Controversial crypto coin Tether gains popularity at gambling sites, pot shops
While Crypto Twitter argues over whether Tether is being used to manipulate digital-asset prices, the controversial token is quietly becoming a popular way to pay for goods and services.
At CoinPayments.net, one of the largest processors of cryptocurrency payments, Tether accounts for as much as 30% of volume. That’s up about 30 times from a year ago, according to the Cayman Islands-based firm, which claims to work with nearly 2.4 million vendors. At B2BinPay, Tether had grown to about 20% of transactions that originate from both customers and merchants. It was less than 10% a year ago, said Ievgen Iugrinov, a product manager at the Moscow-based company.
What made Tether popular with traders and speculators when it burst onto the scene in 2017 is what’s driving its use for transactions now -- the so-called stablecoin’s objective of avoiding price fluctuations by maintaining a one-to-one ratio with the dollar by managing a reserve. Store directory Cryptwerk lists 265 companies that accept Tether for payment directly.
“Merchants used to accept Bitcoin, Ethereum, Ripple and convert it into Tether in order to hedge against the volatility,” said Sean Mackay, operations lead at CoinPayments.net. “Now we are seeing the payments just being done directly in Tether.”
Tether’s use in commerce is coming at the expense of market leaders Bitcoin and Ether, which were initially touted by proponents as revolutionary means of exchange. At CoinPayments.net, Bitcoin’s share of payment volume has fallen to about 60% from as much as 80% last year, while Ether has dropped behind Tether to third place.
The shift is also reflective of the changing dynamics in the cryptocurrency market. The dramatic surge in the price in Bitcoin has made many investors unwilling to spend it, undercutting the original objective of the electronic token and leading to the rise of stablecoins.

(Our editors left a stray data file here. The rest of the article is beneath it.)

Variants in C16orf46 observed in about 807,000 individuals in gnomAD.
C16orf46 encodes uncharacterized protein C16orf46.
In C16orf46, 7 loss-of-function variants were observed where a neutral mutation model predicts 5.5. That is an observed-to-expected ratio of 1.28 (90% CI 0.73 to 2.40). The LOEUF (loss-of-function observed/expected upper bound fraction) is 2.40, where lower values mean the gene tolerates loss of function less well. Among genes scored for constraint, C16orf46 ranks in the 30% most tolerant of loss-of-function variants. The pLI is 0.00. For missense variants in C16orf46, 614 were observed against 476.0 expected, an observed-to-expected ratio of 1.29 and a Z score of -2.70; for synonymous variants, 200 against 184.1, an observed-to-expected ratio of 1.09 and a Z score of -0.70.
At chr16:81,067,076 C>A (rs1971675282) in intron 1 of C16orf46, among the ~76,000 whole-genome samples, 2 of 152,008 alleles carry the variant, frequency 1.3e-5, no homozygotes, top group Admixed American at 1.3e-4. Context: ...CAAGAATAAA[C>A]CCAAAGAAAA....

Harking back to the controversial practices of Bitcoin’s initial users, Tether is gaining traction among merchants that may have trouble getting credit-card processing services, or are charged high card processing fees: adult and online gambling sites, and vaping and cannabis shops. At Toronto’s Green Earth Robotics Inc., which sells sex dolls, Bitcoin, Ether and Tether are the most popular crypto methods of payment, said co-owner Michael Chrzan.
“Tether, it’s started catching up,” Chrzan said. “Since their community is growing, we believe it will expand in time. When the community is growing, they start using the coin.”
While the mechanics of Tether issuance by its Hong Kong-based parent companies remains unclear, the coin’s market capitalization has ballooned to $4.12 billion from $2 billion a year ago, according to data tracker CoinMarketCap.com.
Crypto payments also remain just a tiny fraction of the traditional payments market, and many merchants, including large retailers, still shun Tether, thanks in part to its checkered history. Visa does nearly $3 trillion in debit and credit transactions a quarter.
Tether’s parent companies are being sued by the New York Attorney General for allegedly trying to hide the loss of more than $850 million in comingled client and corporate funds. Tether has denied the allegations.
The private company that issues Tether used to claim it’s 100% covered by fiat reserves, until it disclosed in a court filing earlier this year that only 74% of the Tethers are covered by cash and short-term securities. Tether is not independently audited.
John Griffin, a finance professor at the University of Texas at Austin, said that half of Bitcoin’s runup in 2017 was the result of market manipulation using Tether. Last year Bloomberg reported that the U.S. Justice Department is investigating Tether’s role in this market manipulation. Tether has disputed the manipulation claim.
Still, traders -- and now merchants and retail consumers -- don’t seem to care.
“The fact that they have so many users just goes to show even if there’s nothing backing it, people are still using it,” Mackay said.